Dr Assaf David, a Jordan expert, holds a PhD in Social Science from the Hebrew University of Jerusalem. He teaches and conducts research on Jordan, civil-military relations and comparative politics of the Middle East at the Hebrew University. He is a chief analyst of Jordan affairs at the Economic Cooperation Foundation (ECF), an Israel-based NGO. He serves as a consultant on Jordan affairs for other Israeli and foreign NGOs, as well as private sector and public sector organisations.
Dr Claudia De Martino graduated summa cum laude from her BA in Contemporary History at Roma Tre University with a thesis on the Egyptian Free Officers' Revolution (1952-6); and in 2007 completed her MA at the University of La Sapienza in Rome with a thesis on the relationship between the Italian Communist Party and the PLO 1969-89. In 2008 she spent a study year at the Hebrew University of Jerusalem, thanks to a EMU2 research scholarship, during which she wrote two studies: one on the 2006 Lebanon war and the second on Palestinian and Israeli textbooks on the 1948 war. She has also been Visiting Fellow at the Van Leer Institute of Jerusalem in 2009 and 2010. Since 2008, she is a PhD candidate in Social History of the Mediterranean at the Ca' Foscari University of Venice (to be finalised in February 2012), working on a thesis on the absorption of Mizrahi Jews in the 1950s and 1960s, and is teaching assistant to the Chair of History of Europe and the Mediterranean at the University of Roma Tre. She contributes regularly to Aspenia and Medarabnews.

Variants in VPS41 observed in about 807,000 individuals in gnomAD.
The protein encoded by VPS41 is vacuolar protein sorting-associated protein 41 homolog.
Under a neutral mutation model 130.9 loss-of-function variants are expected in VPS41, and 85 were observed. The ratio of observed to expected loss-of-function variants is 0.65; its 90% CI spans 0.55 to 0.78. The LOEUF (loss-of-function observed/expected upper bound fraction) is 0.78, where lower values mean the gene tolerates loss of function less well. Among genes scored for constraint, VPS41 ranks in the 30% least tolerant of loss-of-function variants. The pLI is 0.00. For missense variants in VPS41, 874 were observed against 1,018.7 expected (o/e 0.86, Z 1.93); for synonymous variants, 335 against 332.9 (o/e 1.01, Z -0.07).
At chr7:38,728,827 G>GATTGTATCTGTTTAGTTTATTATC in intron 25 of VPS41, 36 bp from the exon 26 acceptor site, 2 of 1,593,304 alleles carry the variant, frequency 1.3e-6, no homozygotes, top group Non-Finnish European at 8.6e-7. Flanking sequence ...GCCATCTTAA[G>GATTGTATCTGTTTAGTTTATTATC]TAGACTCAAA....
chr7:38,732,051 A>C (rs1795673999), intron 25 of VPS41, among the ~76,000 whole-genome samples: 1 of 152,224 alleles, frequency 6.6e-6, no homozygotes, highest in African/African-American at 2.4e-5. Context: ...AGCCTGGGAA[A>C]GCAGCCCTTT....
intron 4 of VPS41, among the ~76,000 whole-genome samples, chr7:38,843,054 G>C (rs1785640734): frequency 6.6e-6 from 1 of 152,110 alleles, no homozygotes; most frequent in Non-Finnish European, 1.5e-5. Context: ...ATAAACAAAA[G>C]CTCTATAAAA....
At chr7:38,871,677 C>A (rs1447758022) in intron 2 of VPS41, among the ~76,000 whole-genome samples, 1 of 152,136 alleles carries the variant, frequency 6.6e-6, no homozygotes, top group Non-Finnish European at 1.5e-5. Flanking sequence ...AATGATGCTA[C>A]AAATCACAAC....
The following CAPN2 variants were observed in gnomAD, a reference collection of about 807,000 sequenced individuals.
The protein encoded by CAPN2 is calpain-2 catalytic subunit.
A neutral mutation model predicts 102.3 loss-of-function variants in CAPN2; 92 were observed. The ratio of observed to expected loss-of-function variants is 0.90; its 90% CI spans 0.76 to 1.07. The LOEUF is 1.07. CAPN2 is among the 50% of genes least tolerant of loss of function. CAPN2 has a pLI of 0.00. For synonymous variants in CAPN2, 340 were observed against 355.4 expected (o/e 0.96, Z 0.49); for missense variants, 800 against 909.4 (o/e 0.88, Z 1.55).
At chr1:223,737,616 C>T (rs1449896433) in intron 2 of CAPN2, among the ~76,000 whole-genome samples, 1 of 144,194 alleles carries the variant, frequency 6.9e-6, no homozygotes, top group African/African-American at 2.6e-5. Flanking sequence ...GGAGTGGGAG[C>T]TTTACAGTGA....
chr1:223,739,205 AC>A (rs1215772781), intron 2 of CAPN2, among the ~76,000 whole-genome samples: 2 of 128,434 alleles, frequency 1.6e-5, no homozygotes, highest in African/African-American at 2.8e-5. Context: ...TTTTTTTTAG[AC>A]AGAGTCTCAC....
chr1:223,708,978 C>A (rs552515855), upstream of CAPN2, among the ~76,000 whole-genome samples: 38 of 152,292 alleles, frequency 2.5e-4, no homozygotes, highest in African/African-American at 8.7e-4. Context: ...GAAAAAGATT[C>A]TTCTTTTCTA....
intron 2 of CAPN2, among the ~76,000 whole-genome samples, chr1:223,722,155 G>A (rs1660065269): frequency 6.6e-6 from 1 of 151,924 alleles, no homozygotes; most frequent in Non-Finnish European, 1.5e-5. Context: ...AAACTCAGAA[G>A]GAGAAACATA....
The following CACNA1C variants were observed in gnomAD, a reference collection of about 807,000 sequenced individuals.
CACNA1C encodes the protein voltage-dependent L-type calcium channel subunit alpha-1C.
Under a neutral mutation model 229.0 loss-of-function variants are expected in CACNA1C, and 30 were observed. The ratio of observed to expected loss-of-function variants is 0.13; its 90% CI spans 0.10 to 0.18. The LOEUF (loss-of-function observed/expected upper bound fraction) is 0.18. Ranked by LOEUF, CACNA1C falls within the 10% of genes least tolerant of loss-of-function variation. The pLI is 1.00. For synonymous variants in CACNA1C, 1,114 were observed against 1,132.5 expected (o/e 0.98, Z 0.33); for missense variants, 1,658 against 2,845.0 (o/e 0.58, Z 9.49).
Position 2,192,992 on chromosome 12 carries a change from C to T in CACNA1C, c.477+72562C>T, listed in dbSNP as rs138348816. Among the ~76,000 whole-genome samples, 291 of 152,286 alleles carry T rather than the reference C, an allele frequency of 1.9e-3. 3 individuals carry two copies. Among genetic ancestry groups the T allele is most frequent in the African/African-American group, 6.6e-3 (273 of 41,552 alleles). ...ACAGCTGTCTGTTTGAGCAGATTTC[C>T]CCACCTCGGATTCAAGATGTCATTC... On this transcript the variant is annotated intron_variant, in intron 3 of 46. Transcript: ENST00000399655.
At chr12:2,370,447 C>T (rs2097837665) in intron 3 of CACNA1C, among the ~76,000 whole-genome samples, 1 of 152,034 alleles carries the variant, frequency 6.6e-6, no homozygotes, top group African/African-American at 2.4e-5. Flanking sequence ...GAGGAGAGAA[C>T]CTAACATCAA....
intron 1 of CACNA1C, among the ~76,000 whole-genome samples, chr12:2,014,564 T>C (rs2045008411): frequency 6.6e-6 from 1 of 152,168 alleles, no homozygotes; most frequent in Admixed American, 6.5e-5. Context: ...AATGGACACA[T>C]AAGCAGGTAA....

Dr Jacob Eriksson holds a PhD from the School of Oriental and African Studies (SOAS), London; his thesis was entitled 'Swedish mediation of the Israeli-Palestinian conflict: a study of the utility of small-state mediation and Track II diplomacy'. He received his BA in War Studies and History and his MA in International Peace and Security from the War Studies Department at King's College London. His research interests include the Israeli-Palestinian conflict and the wider Arab-Israeli conflict, conflict resolution, Middle Eastern politics and security, and Islamic terrorism.